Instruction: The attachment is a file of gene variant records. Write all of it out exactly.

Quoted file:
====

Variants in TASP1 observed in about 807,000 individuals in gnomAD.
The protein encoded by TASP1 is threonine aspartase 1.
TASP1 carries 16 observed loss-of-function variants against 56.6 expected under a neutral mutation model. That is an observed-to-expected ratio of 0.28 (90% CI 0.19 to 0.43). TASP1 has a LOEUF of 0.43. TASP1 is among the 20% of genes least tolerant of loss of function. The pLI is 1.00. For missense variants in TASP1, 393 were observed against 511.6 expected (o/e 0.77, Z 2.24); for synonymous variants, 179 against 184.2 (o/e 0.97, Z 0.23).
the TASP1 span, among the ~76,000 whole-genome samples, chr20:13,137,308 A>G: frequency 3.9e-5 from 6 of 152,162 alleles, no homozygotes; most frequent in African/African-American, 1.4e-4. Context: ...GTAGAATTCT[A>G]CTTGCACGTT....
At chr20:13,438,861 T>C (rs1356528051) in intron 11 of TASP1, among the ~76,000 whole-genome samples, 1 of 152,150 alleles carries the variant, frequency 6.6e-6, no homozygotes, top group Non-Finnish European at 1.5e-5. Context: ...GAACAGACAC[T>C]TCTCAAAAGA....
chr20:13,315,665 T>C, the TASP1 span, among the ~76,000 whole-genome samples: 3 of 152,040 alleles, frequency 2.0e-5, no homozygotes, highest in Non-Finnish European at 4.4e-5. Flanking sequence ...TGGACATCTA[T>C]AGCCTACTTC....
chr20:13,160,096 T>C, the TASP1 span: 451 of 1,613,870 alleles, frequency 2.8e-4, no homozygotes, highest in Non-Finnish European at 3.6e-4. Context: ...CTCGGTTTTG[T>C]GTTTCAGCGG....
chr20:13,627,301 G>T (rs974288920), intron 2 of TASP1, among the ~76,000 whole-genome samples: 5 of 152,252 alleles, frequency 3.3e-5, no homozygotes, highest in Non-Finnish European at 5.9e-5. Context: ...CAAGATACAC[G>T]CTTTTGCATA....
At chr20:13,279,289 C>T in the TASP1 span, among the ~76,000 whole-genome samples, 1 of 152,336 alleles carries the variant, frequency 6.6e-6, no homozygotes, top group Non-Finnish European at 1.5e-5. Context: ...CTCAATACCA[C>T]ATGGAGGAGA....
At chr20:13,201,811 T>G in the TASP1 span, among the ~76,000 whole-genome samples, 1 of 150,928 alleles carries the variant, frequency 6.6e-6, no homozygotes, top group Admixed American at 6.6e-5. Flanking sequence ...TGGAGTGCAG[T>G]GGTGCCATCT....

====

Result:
Variants in TASP1 observed in about 807,000 individuals in gnomAD.
The protein encoded by TASP1 is threonine aspartase 1.
TASP1 carries 16 observed loss-of-function variants against 56.6 expected under a neutral mutation model. That is an observed-to-expected ratio of 0.28 (90% CI 0.19 to 0.43). TASP1 has a LOEUF of 0.43. TASP1 is among the 20% of genes least tolerant of loss of function. The pLI is 1.00. For missense variants in TASP1, 393 were observed against 511.6 expected (o/e 0.77, Z 2.24); for synonymous variants, 179 against 184.2 (o/e 0.97, Z 0.23).
the TASP1 span, among the ~76,000 whole-genome samples, chr20:13,137,308 A>G: frequency 3.9e-5 from 6 of 152,162 alleles, no homozygotes; most frequent in African/African-American, 1.4e-4. Context: ...GTAGAATTCT[A>G]CTTGCACGTT....
At chr20:13,438,861 T>C (rs1356528051) in intron 11 of TASP1, among the ~76,000 whole-genome samples, 1 of 152,150 alleles carries the variant, frequency 6.6e-6, no homozygotes, top group Non-Finnish European at 1.5e-5. Context: ...GAACAGACAC[T>C]TCTCAAAAGA....
chr20:13,315,665 T>C, the TASP1 span, among the ~76,000 whole-genome samples: 3 of 152,040 alleles, frequency 2.0e-5, no homozygotes, highest in Non-Finnish European at 4.4e-5. Flanking sequence ...TGGACATCTA[T>C]AGCCTACTTC....
chr20:13,160,096 T>C, the TASP1 span: 451 of 1,613,870 alleles, frequency 2.8e-4, no homozygotes, highest in Non-Finnish European at 3.6e-4. Context: ...CTCGGTTTTG[T>C]GTTTCAGCGG....
chr20:13,627,301 G>T (rs974288920), intron 2 of TASP1, among the ~76,000 whole-genome samples: 5 of 152,252 alleles, frequency 3.3e-5, no homozygotes, highest in Non-Finnish European at 5.9e-5. Context: ...CAAGATACAC[G>T]CTTTTGCATA....
At chr20:13,279,289 C>T in the TASP1 span, among the ~76,000 whole-genome samples, 1 of 152,336 alleles carries the variant, frequency 6.6e-6, no homozygotes, top group Non-Finnish European at 1.5e-5. Context: ...CTCAATACCA[C>T]ATGGAGGAGA....
At chr20:13,201,811 T>G in the TASP1 span, among the ~76,000 whole-genome samples, 1 of 150,928 alleles carries the variant, frequency 6.6e-6, no homozygotes, top group Admixed American at 6.6e-5. Flanking sequence ...TGGAGTGCAG[T>G]GGTGCCATCT....